[swift-dev] [Discussion] New refcount representation
aschwaighofer at apple.com
Thu Mar 17 11:29:08 CDT 2016
I think maybe we also want to measure how a cmpxchg vs lck;add solution performs under contention.
Objects in read only state (be it cow’ed value types or not) might be shared between threads with the expectation that they are fast, i.e. the argument if retain/release are contented something else is wrong does not apply.
A load/cmpxchg might sent two memory coherence messages (one for shared/exclusive for the load/ one for modified for the cmpxchg) and mispredicted branches (pipeline flush) on state change under contention might exhibit worse performance than a lck;add (one coherence message M, no misprediced branch) depending on how things are implemented under the hood. There is always an opportunity for another level of coherence speculation ….
Other benefits we get might outweigh any such cost though.
> On Mar 16, 2016, at 11:29 PM, Greg Parker via swift-dev <swift-dev at swift.org> wrote:
>> On Mar 15, 2016, at 11:59 PM, Greg Parker via swift-dev <swift-dev at swift.org> wrote:
>> I am considering a new representation for Swift refcounts and other per-object data. This is an outline of the scheme. Comments and suggestions welcome.
>> Today, each object stores 64-bits of refcounts and flags after the isa field.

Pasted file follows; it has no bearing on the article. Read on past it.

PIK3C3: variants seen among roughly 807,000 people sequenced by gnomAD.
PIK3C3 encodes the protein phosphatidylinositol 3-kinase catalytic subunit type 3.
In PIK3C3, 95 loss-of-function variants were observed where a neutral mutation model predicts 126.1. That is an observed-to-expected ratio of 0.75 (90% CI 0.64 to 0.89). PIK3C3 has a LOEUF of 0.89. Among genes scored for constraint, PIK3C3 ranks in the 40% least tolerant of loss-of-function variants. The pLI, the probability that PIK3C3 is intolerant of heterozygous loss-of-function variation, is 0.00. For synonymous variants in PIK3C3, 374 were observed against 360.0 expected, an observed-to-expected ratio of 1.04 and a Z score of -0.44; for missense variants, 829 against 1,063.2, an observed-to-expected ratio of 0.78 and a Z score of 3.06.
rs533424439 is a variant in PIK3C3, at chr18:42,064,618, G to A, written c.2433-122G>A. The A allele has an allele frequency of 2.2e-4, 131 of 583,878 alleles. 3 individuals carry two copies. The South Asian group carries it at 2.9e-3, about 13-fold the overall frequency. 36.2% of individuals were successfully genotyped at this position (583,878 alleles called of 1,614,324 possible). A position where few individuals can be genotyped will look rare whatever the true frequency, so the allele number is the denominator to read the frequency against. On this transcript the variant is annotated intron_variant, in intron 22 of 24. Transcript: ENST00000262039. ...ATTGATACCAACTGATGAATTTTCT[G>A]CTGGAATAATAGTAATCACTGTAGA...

>> In this new system, each object would store a pointer-size field after the isa field. This field would have two cases: it could store refcounts and flags, or it could store a pointer to a side allocation that would store refcounts and flags and additional per-object data.
>> * Saves 4 bytes per object on 32-bit for most objects.
>> * Improves refcount overflow and underflow detection.
>> * Might allow an inlineable retain/release fast path in the future.
>> * Allows a new weak reference implementation that doesn't need to keep entire dead objects alive.
>> * Allows inexpensive per-object storage for future features like associated references or class extensions with instance variables.
>> * Basic RR operations might be slower on x86_64. This needs to be measured. ARM architectures are probably unchanged.
> I wrote a performance mockup of the fast path. It simply checks the MSB in the appropriate places in RefCount.h but does not actually implement any side allocation. I ran it on some RR-heavy benchmarks (QuickSort, InsertionSort, HeapSort, Array2D) on x86_64 and arm64.
> arm64 is in fact approximately unchanged. Any difference either way is much less than 1%.
> x86_64 is measurably slower:
> 1% QuickSort
> 2% InsertionSort
> 4% Array2D
> 5% HeapSort
> Greg Parker gparker at apple.com Runtime Wrangler
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